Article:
Rights groups say at least 300 people have so far been killed by Muammar Qaddafi's regime in a brutal crackdown on swelling antigovernment protests. Pro-Qaddafi forces were reportedly opening fire randomly in the streets in the latest instance of violence, which comes amid growing international outrage and UN warnings that attacks on civilians "may constitute crimes against humanity."
But the second son of the embattled Libyan leader, Saif al-Islam Qaddafi, is "the stuff of Shakespeare and of Freud," explains Professor David Held, one of Qaddafi's former academic advisers at the London School of Economics (LSE). "The man giving that speech wasn't the Saif I had got to know well over those years," he says.
Maybe, but recent events in the country do not do much to support real interest in democracy promotion on the part of the Libyan leadership. (In a cable released by WikiLeaks, a U.S. official observes that "creating the appearance of useful employment for al-Qadhafi's offspring has been an important objective for the regime.")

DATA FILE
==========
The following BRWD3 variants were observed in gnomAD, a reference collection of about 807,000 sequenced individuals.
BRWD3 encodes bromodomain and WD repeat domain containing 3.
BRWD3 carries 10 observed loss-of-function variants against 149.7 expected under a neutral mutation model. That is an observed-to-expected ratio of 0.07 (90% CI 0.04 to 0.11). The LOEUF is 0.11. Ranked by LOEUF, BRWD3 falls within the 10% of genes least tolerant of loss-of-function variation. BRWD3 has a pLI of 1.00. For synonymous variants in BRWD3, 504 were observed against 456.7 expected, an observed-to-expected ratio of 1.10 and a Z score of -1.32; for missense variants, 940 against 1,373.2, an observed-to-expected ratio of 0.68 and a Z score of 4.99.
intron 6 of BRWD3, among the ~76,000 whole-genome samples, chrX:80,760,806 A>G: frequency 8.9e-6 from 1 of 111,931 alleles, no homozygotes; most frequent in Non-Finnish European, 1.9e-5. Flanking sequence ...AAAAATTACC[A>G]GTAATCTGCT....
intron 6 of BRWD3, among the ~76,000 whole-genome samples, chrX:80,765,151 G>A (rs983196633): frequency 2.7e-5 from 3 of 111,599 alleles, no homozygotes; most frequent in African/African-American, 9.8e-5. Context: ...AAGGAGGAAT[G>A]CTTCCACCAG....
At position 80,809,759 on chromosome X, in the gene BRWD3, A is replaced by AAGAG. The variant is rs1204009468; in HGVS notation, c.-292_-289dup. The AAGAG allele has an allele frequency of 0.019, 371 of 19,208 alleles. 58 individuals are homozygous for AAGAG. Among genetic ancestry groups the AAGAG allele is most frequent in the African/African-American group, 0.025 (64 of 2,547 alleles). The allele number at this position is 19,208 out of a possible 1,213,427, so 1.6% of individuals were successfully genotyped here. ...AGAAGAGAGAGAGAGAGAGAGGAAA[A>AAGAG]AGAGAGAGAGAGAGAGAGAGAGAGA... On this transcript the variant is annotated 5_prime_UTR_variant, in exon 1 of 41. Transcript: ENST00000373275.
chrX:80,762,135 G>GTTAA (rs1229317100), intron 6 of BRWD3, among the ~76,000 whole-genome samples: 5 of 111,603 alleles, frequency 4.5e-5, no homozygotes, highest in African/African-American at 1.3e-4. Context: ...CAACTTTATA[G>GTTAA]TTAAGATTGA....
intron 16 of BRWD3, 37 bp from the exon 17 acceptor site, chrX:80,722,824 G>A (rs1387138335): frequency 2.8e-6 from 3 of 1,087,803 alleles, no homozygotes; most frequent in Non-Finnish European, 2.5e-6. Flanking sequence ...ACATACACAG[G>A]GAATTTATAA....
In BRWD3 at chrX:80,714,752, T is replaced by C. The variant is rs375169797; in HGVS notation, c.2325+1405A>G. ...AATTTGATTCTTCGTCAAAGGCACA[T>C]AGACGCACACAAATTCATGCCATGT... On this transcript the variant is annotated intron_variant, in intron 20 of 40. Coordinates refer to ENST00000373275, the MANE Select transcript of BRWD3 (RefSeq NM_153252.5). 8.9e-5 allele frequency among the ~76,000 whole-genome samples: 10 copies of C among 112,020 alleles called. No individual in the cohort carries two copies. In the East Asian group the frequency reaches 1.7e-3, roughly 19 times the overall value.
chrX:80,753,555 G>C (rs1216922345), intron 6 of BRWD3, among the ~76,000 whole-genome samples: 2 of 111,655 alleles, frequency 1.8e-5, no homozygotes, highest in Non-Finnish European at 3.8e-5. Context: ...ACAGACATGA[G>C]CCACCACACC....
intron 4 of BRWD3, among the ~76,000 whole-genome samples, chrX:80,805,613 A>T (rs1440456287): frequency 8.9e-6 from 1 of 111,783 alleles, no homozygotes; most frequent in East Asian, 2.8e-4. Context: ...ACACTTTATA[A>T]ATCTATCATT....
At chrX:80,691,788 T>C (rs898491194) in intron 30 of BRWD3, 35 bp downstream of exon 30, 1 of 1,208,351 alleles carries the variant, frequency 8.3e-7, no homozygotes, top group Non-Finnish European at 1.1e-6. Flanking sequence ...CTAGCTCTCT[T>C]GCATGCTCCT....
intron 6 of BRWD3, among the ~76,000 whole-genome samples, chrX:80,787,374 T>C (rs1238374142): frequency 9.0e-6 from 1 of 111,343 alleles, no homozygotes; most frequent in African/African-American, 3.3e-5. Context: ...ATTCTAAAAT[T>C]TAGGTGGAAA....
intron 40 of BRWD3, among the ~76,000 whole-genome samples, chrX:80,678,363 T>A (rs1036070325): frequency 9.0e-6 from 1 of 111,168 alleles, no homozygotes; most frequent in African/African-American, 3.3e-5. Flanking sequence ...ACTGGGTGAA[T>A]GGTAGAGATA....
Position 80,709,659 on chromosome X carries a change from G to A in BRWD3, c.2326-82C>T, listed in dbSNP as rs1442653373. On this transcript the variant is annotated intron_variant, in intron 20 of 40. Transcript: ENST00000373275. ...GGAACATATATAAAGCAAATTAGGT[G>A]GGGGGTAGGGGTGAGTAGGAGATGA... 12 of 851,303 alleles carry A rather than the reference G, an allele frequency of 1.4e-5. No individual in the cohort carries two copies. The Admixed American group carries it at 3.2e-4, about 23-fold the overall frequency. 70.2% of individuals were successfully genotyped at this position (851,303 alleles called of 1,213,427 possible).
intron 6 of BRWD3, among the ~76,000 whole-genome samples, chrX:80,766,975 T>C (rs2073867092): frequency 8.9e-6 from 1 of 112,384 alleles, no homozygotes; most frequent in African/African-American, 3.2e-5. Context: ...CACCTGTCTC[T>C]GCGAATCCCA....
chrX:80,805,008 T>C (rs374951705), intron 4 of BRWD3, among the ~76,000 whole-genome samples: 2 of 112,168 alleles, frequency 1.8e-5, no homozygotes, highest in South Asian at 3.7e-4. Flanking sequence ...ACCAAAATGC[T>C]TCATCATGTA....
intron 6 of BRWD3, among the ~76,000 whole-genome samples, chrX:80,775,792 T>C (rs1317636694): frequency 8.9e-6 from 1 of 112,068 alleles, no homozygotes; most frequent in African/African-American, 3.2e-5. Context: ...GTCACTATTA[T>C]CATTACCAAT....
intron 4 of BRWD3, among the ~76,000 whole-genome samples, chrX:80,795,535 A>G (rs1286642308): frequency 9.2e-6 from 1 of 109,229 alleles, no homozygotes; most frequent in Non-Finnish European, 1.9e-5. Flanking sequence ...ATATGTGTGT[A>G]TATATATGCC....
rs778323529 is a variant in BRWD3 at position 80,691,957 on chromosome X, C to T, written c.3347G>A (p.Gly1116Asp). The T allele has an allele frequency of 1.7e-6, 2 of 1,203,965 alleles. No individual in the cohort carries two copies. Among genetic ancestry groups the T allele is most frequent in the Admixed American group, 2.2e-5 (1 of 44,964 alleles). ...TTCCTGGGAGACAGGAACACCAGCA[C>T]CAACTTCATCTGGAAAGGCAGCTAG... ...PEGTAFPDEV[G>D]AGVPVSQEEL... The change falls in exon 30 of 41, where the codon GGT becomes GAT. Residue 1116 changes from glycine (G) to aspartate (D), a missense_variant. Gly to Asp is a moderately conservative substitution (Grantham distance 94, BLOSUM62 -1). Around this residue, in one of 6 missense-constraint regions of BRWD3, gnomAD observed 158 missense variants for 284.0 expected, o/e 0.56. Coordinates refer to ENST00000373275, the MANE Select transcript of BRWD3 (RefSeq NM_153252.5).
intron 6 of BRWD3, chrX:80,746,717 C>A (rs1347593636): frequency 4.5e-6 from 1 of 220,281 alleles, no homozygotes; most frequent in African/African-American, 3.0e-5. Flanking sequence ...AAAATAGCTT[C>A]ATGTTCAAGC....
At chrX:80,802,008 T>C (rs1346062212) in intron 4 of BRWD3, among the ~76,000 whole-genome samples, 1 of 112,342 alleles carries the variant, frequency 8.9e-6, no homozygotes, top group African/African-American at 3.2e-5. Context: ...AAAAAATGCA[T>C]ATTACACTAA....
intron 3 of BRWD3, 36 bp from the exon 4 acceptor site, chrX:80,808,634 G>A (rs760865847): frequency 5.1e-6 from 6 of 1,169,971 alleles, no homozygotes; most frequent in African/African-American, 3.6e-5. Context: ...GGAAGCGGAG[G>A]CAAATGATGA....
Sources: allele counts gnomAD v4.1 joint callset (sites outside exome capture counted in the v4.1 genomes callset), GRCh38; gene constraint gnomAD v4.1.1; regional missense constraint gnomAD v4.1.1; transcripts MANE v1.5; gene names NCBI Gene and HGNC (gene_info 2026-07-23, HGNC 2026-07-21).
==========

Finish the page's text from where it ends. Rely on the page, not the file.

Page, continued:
LSE was useful in that regard, having nurtured close ties to Libya in recent years in the form of special grants and scholarships. The university has since issued a statement saying those links are being "reconsidered" as "a matter of urgency" in light of the unrest. LSE students, meanwhile, are today holding a sit-in in protest demanding that the school return the £300,000 it accepted as part of a scholarship funded by a charity wing of the regime.
Of course, the school was also responsible for guiding the young Qaddafi in his doctorate. His thesis, titled "The Role of Civil Society in the Democratisation of Global Governance Institutions," argues for ways that nongovernmental organizations can make multinational corporations "more democratic."
"Civil society," Qaddafi wrote -- ignore allegations of plagiarism and controversial research methods for a moment -- "has for centuries played a major role in pushing governments to reform."
Ph.D.? Or prophecy?
-- Kristin Deasy